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CNET News Video: Senseg demos prototype touch-feedback technology
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CNET News Video: Senseg demos prototype touch-feedback technology

3:01 /

In the near future, touchscreens may touch you back, thanks to new electrostatic technology that changes the friction between finger and screen. Rafe Needleman gets a demo from Senseg's Dave Rice.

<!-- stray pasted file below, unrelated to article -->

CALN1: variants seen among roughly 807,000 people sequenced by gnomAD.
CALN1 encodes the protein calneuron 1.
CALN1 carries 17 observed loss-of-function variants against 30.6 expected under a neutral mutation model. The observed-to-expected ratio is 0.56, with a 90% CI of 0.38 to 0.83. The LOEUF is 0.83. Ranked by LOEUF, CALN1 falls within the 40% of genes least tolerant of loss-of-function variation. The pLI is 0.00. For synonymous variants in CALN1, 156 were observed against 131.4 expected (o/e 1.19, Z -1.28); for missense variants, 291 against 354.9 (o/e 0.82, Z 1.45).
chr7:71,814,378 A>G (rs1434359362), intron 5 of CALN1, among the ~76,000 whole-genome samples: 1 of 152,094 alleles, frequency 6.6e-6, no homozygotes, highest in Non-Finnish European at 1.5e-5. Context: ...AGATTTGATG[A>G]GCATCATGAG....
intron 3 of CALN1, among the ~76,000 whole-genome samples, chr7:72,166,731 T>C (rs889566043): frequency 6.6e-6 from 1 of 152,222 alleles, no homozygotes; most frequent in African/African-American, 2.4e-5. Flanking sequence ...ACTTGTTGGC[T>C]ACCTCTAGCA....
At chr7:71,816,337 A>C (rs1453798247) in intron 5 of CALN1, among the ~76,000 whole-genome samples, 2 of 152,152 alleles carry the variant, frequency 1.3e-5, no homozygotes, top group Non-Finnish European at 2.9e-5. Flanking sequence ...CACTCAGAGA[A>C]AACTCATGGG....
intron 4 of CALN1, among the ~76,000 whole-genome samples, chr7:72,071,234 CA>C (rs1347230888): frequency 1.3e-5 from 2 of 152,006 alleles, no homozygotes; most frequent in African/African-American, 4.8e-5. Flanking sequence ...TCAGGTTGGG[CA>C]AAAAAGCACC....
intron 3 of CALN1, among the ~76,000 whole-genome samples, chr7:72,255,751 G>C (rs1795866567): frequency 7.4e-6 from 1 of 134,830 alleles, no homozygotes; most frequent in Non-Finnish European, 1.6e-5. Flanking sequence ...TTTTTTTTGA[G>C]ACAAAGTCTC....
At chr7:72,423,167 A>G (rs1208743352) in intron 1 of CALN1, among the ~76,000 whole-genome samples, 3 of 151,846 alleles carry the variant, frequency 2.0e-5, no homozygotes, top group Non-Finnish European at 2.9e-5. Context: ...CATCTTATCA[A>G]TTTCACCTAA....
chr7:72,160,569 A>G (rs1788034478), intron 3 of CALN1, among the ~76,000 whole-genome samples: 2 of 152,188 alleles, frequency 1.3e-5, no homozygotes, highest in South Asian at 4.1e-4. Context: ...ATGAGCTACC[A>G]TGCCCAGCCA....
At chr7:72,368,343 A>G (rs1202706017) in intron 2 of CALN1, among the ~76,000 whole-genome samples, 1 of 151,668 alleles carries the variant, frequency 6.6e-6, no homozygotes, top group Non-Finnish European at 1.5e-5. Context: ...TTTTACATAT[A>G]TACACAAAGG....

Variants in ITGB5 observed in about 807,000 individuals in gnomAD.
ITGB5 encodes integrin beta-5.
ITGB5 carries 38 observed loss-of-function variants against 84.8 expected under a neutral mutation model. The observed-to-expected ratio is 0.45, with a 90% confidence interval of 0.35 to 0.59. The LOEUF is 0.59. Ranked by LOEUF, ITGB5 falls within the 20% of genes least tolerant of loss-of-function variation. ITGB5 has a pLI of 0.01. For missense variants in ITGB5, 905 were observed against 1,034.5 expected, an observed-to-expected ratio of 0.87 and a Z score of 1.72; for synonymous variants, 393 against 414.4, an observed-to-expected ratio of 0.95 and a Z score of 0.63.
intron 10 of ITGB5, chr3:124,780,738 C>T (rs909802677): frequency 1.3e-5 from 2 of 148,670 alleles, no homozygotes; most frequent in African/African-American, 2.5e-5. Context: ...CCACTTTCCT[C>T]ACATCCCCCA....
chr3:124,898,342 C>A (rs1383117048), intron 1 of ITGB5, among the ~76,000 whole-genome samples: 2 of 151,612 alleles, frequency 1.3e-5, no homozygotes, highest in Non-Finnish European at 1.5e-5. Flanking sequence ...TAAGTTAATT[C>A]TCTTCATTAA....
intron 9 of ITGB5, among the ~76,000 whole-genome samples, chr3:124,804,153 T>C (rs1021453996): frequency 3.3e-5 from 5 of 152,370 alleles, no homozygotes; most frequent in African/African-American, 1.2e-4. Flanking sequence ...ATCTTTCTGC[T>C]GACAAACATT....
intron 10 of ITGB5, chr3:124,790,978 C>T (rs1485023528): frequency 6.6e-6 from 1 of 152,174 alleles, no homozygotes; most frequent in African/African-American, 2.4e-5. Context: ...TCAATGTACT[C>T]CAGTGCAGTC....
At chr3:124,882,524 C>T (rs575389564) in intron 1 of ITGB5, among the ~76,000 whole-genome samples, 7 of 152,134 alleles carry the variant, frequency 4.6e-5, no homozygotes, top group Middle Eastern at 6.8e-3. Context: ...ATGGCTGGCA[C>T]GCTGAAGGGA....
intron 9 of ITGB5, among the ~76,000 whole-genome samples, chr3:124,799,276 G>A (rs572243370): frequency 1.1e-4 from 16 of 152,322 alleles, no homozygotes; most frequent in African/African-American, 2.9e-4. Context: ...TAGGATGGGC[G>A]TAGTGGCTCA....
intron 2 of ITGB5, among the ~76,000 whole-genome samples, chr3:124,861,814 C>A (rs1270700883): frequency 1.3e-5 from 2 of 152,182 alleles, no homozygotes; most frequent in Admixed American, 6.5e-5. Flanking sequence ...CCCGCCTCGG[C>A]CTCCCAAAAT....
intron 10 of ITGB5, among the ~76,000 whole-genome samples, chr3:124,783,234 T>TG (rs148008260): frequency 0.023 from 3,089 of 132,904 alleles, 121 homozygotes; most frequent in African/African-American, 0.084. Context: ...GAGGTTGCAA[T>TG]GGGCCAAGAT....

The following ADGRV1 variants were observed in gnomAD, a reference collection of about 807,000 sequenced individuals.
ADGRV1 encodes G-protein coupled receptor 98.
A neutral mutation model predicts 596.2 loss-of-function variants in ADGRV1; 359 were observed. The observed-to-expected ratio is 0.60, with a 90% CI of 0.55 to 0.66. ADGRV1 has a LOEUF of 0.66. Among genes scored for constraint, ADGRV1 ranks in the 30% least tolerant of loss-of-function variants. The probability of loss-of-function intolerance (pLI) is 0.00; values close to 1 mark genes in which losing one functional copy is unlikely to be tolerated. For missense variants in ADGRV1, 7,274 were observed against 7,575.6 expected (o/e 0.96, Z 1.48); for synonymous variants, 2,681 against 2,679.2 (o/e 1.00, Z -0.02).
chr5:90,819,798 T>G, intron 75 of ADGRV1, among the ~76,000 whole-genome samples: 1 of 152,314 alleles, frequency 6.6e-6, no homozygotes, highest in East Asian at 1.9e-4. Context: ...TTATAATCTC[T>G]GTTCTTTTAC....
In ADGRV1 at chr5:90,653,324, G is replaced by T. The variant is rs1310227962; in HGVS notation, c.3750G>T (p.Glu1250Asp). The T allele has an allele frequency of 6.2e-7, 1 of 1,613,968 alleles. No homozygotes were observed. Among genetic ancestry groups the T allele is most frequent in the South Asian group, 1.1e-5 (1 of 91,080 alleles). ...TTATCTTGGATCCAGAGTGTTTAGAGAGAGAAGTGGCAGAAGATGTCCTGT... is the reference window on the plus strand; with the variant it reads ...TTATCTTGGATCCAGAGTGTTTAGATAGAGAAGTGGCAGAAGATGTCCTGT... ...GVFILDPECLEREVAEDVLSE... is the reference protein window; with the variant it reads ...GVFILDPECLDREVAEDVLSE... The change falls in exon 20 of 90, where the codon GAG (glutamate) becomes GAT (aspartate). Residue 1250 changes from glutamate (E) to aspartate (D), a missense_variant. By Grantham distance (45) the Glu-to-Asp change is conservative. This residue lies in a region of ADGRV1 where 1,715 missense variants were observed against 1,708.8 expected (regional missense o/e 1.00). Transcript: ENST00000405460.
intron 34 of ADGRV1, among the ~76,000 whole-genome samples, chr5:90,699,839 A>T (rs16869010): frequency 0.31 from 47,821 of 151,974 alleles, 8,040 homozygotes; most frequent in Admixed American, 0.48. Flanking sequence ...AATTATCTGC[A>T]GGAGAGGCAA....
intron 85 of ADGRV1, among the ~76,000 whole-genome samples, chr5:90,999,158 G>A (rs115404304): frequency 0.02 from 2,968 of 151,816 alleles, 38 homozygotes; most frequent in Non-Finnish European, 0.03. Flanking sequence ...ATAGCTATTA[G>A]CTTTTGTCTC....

Speaker 1: Hi. This is Rafe Needleman from CNET. I'm here with Dave Rice of Senseg, looking at a prototype technology that you may be seeing on your smart phone and tablets in about 12 months. What we're talking about today is a tablet that touches you back. Dave, what we are here... As I row my fingers over this demo, this is smooth. This is still smooth like glass or plastic and if I do this, I can feel these little balls are rolling my finger over. Speaker 2: You can feel it. Speaker 1: What's happening here? Speaker 2: What Senseg does is it uses an electrostatic field to turn touchscreens into feel screens. Speaker 1: Different textures, gravel, packing material. This is sand paper. Feels weird. Speaker 2: Certainly game designers can create hidden objects that you can only find by feel. Speaker 1: And when you feel friction which I'm feeling right there, you let go and see if you found a hidden treasure. I could also think it's useful in pre-automotive applications where you really want to keep your eyes off the screen as much as possible. Speaker 2: Certainly being able to help... Help users orient themselves on the screen and understand that they've correctly executed an action is something that, that we're geared toward and it's a great application of the technology. Speaker 1: Now you said briefly this is electrostatic, explain to us technologically what is happening here. Are you vibrating the screen or putting little ridges up or what? Speaker 2: We actually creating attractive force between the finger and the screen so... So we do modulate friction somewhat that that gives your sensory perception of physical edges, contours and textures. So that gives the application designers an incredible range of opportunity to engage users and provide more dimension to their applications. Speaker 1: So this is actually not moving. It's changing the friction between the user and the screen itself. Speaker 2: That's right. There's no mechanical movement at all. So that's a big difference between what Senseg does and what traditional haptics do. Speaker 1: All right. Now, I don't imagine this is a consumer retrofit. This is something that you want to get baked into tablets from Apple, Android tablets. What the business of this and how our consumers are gonna get this technology? Speaker 2: Certainly. This does need to be built into devices by manufacturers into touch pads, into tablets, into large screen displays. Because of the nature our technology, there's really no limit to the size of a device that it can be deployed on. But the manufacturer needs to do that and then we'll have a software programming interfaces that application developers used to add these types of effects to their products. Speaker 1: Not to jinx it but best guess, when do you think that we will see this in a consumer product? Speaker 2: Oh. We're certainly optimistic that we'll have something in the next year. That might extend the 24 months but we are moving quickly with some of our conversations. Speaker 1: All right. So the company is Senseg. Mr. Dave Rice, Thank you very much. Speaker 2: Thanks, Rafe. I appreciate it.

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